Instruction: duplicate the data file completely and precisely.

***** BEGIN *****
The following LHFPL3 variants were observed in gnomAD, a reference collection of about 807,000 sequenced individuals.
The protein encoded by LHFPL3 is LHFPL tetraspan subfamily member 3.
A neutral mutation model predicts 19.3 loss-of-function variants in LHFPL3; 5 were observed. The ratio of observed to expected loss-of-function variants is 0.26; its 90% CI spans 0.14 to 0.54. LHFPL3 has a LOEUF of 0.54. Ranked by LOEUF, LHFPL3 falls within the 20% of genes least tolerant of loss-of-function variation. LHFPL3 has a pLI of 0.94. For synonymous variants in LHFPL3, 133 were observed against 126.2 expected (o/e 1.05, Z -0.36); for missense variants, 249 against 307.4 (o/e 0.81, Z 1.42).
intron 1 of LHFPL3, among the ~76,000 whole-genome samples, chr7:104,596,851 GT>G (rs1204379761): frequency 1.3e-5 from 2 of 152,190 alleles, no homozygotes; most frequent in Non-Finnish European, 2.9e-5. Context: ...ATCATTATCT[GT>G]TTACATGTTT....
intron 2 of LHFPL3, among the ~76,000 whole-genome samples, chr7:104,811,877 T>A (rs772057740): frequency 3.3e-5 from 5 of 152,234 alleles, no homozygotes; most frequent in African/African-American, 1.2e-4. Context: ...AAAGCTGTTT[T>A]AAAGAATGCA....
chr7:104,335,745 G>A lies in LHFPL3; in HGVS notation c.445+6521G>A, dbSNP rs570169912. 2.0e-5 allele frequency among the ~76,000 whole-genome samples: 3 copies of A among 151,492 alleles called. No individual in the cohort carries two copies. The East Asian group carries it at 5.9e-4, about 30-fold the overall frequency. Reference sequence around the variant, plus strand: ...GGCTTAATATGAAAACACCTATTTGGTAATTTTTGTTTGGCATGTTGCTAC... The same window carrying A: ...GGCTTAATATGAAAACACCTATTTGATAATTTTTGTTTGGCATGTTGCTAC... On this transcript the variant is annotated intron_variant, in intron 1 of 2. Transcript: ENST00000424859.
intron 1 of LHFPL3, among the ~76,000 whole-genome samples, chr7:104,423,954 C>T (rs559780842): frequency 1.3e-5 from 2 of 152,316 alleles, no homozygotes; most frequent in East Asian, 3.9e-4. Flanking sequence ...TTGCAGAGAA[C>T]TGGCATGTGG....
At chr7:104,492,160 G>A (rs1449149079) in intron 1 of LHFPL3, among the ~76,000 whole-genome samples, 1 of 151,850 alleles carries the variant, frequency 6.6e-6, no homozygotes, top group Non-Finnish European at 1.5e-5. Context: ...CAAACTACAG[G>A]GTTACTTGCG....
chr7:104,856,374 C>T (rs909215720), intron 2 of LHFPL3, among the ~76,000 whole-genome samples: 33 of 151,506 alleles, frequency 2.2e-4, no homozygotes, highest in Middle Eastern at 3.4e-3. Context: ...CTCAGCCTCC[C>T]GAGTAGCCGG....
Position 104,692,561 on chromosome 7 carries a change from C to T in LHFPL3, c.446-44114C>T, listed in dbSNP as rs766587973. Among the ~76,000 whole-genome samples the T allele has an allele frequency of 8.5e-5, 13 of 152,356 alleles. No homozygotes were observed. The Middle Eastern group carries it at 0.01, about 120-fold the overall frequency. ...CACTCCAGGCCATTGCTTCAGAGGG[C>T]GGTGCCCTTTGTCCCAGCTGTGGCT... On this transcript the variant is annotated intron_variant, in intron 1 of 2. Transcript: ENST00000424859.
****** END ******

The following LHFPL3 variants were observed in gnomAD, a reference collection of about 807,000 sequenced individuals.
The protein encoded by LHFPL3 is LHFPL tetraspan subfamily member 3.
A neutral mutation model predicts 19.3 loss-of-function variants in LHFPL3; 5 were observed. The ratio of observed to expected loss-of-function variants is 0.26; its 90% CI spans 0.14 to 0.54. LHFPL3 has a LOEUF of 0.54. Ranked by LOEUF, LHFPL3 falls within the 20% of genes least tolerant of loss-of-function variation. LHFPL3 has a pLI of 0.94. For synonymous variants in LHFPL3, 133 were observed against 126.2 expected (o/e 1.05, Z -0.36); for missense variants, 249 against 307.4 (o/e 0.81, Z 1.42).
intron 1 of LHFPL3, among the ~76,000 whole-genome samples, chr7:104,596,851 GT>G (rs1204379761): frequency 1.3e-5 from 2 of 152,190 alleles, no homozygotes; most frequent in Non-Finnish European, 2.9e-5. Context: ...ATCATTATCT[GT>G]TTACATGTTT....
intron 2 of LHFPL3, among the ~76,000 whole-genome samples, chr7:104,811,877 T>A (rs772057740): frequency 3.3e-5 from 5 of 152,234 alleles, no homozygotes; most frequent in African/African-American, 1.2e-4. Context: ...AAAGCTGTTT[T>A]AAAGAATGCA....
chr7:104,335,745 G>A lies in LHFPL3; in HGVS notation c.445+6521G>A, dbSNP rs570169912. 2.0e-5 allele frequency among the ~76,000 whole-genome samples: 3 copies of A among 151,492 alleles called. No individual in the cohort carries two copies. The East Asian group carries it at 5.9e-4, about 30-fold the overall frequency. Reference sequence around the variant, plus strand: ...GGCTTAATATGAAAACACCTATTTGGTAATTTTTGTTTGGCATGTTGCTAC... The same window carrying A: ...GGCTTAATATGAAAACACCTATTTGATAATTTTTGTTTGGCATGTTGCTAC... On this transcript the variant is annotated intron_variant, in intron 1 of 2. Transcript: ENST00000424859.
intron 1 of LHFPL3, among the ~76,000 whole-genome samples, chr7:104,423,954 C>T (rs559780842): frequency 1.3e-5 from 2 of 152,316 alleles, no homozygotes; most frequent in East Asian, 3.9e-4. Flanking sequence ...TTGCAGAGAA[C>T]TGGCATGTGG....
At chr7:104,492,160 G>A (rs1449149079) in intron 1 of LHFPL3, among the ~76,000 whole-genome samples, 1 of 151,850 alleles carries the variant, frequency 6.6e-6, no homozygotes, top group Non-Finnish European at 1.5e-5. Context: ...CAAACTACAG[G>A]GTTACTTGCG....
chr7:104,856,374 C>T (rs909215720), intron 2 of LHFPL3, among the ~76,000 whole-genome samples: 33 of 151,506 alleles, frequency 2.2e-4, no homozygotes, highest in Middle Eastern at 3.4e-3. Context: ...CTCAGCCTCC[C>T]GAGTAGCCGG....
Position 104,692,561 on chromosome 7 carries a change from C to T in LHFPL3, c.446-44114C>T, listed in dbSNP as rs766587973. Among the ~76,000 whole-genome samples the T allele has an allele frequency of 8.5e-5, 13 of 152,356 alleles. No homozygotes were observed. The Middle Eastern group carries it at 0.01, about 120-fold the overall frequency. ...CACTCCAGGCCATTGCTTCAGAGGG[C>T]GGTGCCCTTTGTCCCAGCTGTGGCT... On this transcript the variant is annotated intron_variant, in intron 1 of 2. Transcript: ENST00000424859.